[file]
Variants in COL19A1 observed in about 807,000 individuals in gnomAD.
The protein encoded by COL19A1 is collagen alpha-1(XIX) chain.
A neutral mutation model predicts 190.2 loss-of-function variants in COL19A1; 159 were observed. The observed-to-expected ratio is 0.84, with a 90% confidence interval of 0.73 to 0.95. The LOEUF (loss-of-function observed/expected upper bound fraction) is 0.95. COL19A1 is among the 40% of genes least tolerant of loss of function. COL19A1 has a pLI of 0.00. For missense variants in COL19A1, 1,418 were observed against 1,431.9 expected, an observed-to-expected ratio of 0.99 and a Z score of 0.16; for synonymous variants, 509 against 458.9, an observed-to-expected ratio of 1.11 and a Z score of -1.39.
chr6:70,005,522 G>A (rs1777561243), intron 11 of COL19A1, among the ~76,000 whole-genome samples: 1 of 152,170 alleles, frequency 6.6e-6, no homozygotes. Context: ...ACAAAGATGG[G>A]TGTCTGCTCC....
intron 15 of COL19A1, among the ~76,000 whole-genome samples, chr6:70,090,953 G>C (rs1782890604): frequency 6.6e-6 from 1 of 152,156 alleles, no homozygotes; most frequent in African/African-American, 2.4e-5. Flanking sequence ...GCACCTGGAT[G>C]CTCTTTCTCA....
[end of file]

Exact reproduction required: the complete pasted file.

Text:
Variants in COL19A1 observed in about 807,000 individuals in gnomAD.
The protein encoded by COL19A1 is collagen alpha-1(XIX) chain.
A neutral mutation model predicts 190.2 loss-of-function variants in COL19A1; 159 were observed. The observed-to-expected ratio is 0.84, with a 90% confidence interval of 0.73 to 0.95. The LOEUF (loss-of-function observed/expected upper bound fraction) is 0.95. COL19A1 is among the 40% of genes least tolerant of loss of function. COL19A1 has a pLI of 0.00. For missense variants in COL19A1, 1,418 were observed against 1,431.9 expected, an observed-to-expected ratio of 0.99 and a Z score of 0.16; for synonymous variants, 509 against 458.9, an observed-to-expected ratio of 1.11 and a Z score of -1.39.
chr6:70,005,522 G>A (rs1777561243), intron 11 of COL19A1, among the ~76,000 whole-genome samples: 1 of 152,170 alleles, frequency 6.6e-6, no homozygotes. Context: ...ACAAAGATGG[G>A]TGTCTGCTCC....
intron 15 of COL19A1, among the ~76,000 whole-genome samples, chr6:70,090,953 G>C (rs1782890604): frequency 6.6e-6 from 1 of 152,156 alleles, no homozygotes; most frequent in African/African-American, 2.4e-5. Flanking sequence ...GCACCTGGAT[G>C]CTCTTTCTCA....